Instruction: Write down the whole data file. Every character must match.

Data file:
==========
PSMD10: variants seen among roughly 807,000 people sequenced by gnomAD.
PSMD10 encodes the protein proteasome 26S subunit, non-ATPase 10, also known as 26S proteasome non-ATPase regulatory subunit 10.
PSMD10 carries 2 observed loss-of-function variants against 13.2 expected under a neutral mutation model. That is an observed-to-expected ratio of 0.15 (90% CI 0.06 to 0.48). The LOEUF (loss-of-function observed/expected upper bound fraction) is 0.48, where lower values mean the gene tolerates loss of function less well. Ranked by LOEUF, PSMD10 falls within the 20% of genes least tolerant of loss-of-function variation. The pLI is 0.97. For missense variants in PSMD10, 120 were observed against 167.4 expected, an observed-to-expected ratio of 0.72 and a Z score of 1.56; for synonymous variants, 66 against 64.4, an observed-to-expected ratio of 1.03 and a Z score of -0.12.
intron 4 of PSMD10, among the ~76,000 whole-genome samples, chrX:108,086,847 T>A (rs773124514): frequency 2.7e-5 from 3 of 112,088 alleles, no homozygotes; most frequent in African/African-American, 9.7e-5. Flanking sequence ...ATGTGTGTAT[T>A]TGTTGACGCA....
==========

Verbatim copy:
PSMD10: variants seen among roughly 807,000 people sequenced by gnomAD.
PSMD10 encodes the protein proteasome 26S subunit, non-ATPase 10, also known as 26S proteasome non-ATPase regulatory subunit 10.
PSMD10 carries 2 observed loss-of-function variants against 13.2 expected under a neutral mutation model. That is an observed-to-expected ratio of 0.15 (90% CI 0.06 to 0.48). The LOEUF (loss-of-function observed/expected upper bound fraction) is 0.48, where lower values mean the gene tolerates loss of function less well. Ranked by LOEUF, PSMD10 falls within the 20% of genes least tolerant of loss-of-function variation. The pLI is 0.97. For missense variants in PSMD10, 120 were observed against 167.4 expected, an observed-to-expected ratio of 0.72 and a Z score of 1.56; for synonymous variants, 66 against 64.4, an observed-to-expected ratio of 1.03 and a Z score of -0.12.
intron 4 of PSMD10, among the ~76,000 whole-genome samples, chrX:108,086,847 T>A (rs773124514): frequency 2.7e-5 from 3 of 112,088 alleles, no homozygotes; most frequent in African/African-American, 9.7e-5. Flanking sequence ...ATGTGTGTAT[T>A]TGTTGACGCA....